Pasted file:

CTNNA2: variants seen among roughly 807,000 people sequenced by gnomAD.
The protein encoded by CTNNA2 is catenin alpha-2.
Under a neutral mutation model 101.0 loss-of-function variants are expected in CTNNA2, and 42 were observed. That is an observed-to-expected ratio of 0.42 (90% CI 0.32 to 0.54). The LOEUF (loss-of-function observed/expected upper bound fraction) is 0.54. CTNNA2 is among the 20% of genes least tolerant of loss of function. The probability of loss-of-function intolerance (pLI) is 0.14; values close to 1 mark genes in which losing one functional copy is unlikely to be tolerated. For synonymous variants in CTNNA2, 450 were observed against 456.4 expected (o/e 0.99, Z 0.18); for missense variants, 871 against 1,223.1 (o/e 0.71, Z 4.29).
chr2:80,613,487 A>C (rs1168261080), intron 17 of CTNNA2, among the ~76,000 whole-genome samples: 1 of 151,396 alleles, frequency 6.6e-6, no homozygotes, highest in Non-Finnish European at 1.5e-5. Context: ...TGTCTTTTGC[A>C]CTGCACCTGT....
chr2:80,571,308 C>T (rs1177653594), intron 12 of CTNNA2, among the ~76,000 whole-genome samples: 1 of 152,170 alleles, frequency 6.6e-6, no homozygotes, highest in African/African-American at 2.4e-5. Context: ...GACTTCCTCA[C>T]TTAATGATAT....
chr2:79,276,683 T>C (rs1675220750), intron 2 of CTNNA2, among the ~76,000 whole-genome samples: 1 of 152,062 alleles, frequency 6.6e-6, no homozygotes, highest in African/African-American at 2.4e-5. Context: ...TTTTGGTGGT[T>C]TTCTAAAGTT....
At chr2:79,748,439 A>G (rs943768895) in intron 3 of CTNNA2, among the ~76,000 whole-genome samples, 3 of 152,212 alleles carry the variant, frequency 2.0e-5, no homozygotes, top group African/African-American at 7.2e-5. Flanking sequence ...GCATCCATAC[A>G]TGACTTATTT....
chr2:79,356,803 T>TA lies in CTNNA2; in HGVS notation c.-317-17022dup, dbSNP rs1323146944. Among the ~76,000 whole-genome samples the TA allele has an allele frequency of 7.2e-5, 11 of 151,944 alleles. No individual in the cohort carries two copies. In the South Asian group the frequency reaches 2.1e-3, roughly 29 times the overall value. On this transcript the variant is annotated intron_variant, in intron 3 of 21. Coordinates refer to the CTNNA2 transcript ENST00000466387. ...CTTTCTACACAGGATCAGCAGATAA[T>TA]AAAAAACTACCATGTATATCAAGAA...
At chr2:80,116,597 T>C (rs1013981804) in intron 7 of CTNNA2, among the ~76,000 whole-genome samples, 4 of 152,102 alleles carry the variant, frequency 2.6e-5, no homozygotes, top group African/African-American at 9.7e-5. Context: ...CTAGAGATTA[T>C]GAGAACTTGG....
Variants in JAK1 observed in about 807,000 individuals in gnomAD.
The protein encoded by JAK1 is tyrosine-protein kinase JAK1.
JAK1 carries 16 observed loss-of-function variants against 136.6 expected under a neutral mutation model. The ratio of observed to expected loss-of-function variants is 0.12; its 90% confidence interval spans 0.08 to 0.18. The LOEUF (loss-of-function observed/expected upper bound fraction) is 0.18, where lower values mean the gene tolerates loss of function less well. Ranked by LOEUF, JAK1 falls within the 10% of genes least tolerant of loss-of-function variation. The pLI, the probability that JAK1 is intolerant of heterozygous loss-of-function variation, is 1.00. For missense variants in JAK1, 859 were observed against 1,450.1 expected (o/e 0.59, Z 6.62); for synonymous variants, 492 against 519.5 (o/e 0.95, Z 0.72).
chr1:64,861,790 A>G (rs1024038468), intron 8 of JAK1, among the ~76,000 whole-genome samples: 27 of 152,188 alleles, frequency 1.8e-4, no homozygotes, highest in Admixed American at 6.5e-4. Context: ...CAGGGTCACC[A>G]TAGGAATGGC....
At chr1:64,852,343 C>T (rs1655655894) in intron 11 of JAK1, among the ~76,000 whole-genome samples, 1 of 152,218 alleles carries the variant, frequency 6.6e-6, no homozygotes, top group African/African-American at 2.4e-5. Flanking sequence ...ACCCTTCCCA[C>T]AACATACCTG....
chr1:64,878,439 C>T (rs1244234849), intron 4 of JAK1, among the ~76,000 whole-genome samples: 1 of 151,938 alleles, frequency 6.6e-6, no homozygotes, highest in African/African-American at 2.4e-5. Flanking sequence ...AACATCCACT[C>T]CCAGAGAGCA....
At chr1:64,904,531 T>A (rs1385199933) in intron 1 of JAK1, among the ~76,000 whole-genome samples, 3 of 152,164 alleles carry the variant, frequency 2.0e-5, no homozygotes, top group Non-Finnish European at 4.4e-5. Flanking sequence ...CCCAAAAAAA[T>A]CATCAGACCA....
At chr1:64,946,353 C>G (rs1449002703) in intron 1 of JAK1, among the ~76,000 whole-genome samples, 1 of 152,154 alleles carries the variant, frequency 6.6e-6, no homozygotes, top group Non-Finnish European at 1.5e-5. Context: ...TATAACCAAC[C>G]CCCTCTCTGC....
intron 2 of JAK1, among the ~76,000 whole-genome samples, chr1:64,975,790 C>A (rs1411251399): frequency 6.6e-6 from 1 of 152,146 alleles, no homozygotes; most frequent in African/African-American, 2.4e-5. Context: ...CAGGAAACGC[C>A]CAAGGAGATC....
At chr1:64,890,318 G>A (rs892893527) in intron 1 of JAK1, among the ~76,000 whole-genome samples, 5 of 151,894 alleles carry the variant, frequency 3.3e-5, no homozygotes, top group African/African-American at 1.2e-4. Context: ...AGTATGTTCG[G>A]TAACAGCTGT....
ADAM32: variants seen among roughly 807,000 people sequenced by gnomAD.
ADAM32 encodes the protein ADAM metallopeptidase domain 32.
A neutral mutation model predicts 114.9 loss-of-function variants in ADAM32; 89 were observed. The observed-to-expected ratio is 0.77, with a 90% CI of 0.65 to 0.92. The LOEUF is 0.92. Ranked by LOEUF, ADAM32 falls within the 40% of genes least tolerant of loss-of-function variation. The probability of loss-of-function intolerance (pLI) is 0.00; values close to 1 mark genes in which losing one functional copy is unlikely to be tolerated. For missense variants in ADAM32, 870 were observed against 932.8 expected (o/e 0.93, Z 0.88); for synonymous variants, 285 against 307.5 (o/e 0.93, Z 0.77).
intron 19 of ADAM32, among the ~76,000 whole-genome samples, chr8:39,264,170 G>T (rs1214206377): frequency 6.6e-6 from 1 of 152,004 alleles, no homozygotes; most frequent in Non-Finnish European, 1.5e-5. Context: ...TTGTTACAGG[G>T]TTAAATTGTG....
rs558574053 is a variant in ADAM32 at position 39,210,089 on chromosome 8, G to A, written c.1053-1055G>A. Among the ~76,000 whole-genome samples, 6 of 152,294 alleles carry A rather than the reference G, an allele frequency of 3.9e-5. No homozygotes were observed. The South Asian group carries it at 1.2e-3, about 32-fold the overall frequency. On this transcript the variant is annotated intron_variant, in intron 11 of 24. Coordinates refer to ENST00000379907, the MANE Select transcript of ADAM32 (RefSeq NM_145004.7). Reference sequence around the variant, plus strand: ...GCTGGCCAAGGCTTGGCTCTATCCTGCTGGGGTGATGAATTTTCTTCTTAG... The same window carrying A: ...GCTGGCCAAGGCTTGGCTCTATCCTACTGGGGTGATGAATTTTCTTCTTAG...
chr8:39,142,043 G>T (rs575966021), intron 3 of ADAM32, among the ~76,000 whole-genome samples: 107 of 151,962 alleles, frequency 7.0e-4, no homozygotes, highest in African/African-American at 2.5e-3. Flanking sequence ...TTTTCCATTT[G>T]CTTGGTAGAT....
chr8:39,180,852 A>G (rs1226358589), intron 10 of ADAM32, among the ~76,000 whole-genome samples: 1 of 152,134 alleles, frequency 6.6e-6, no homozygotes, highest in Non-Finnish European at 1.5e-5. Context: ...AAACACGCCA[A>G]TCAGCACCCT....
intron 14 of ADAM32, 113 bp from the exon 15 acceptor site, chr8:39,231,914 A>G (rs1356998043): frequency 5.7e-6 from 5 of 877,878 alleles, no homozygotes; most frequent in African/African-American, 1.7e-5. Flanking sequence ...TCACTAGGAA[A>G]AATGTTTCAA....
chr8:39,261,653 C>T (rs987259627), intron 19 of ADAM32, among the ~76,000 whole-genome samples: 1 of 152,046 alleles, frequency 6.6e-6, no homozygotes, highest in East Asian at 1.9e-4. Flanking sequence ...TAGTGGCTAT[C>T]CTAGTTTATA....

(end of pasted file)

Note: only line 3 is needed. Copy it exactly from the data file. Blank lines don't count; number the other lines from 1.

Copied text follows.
Under a neutral mutation model 101.0 loss-of-function variants are expected in CTNNA2, and 42 were observed. That is an observed-to-expected ratio of 0.42 (90% CI 0.32 to 0.54). The LOEUF (loss-of-function observed/expected upper bound fraction) is 0.54. CTNNA2 is among the 20% of genes least tolerant of loss of function. The probability of loss-of-function intolerance (pLI) is 0.14; values close to 1 mark genes in which losing one functional copy is unlikely to be tolerated. For synonymous variants in CTNNA2, 450 were observed against 456.4 expected (o/e 0.99, Z 0.18); for missense variants, 871 against 1,223.1 (o/e 0.71, Z 4.29).